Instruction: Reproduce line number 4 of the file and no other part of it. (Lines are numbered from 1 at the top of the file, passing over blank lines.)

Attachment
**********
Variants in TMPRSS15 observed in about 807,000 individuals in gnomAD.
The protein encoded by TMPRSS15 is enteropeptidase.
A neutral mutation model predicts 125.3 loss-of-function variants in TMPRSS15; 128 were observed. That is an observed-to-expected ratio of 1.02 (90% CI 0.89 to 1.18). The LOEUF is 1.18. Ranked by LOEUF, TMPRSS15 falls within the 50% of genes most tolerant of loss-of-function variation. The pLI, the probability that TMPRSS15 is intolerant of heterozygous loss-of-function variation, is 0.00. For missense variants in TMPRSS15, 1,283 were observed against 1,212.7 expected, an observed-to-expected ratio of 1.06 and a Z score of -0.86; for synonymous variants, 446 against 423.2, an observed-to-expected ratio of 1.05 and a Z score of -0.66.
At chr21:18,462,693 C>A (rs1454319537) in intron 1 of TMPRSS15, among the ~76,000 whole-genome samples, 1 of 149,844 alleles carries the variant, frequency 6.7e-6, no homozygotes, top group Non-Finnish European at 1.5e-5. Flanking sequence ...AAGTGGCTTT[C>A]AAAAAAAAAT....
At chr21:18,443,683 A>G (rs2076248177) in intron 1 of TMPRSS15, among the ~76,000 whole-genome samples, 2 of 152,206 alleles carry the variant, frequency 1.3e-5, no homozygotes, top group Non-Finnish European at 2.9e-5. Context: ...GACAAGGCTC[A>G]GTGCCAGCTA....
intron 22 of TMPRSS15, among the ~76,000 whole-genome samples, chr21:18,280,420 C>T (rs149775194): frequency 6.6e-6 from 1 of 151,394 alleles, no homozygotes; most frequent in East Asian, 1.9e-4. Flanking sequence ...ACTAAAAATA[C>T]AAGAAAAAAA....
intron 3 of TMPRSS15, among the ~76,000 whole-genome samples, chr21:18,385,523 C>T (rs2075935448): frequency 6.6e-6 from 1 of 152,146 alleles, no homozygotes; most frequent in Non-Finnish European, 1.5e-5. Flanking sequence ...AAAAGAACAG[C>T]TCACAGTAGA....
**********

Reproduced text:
At chr21:18,462,693 C>A (rs1454319537) in intron 1 of TMPRSS15, among the ~76,000 whole-genome samples, 1 of 149,844 alleles carries the variant, frequency 6.7e-6, no homozygotes, top group Non-Finnish European at 1.5e-5. Flanking sequence ...AAGTGGCTTT[C>A]AAAAAAAAAT....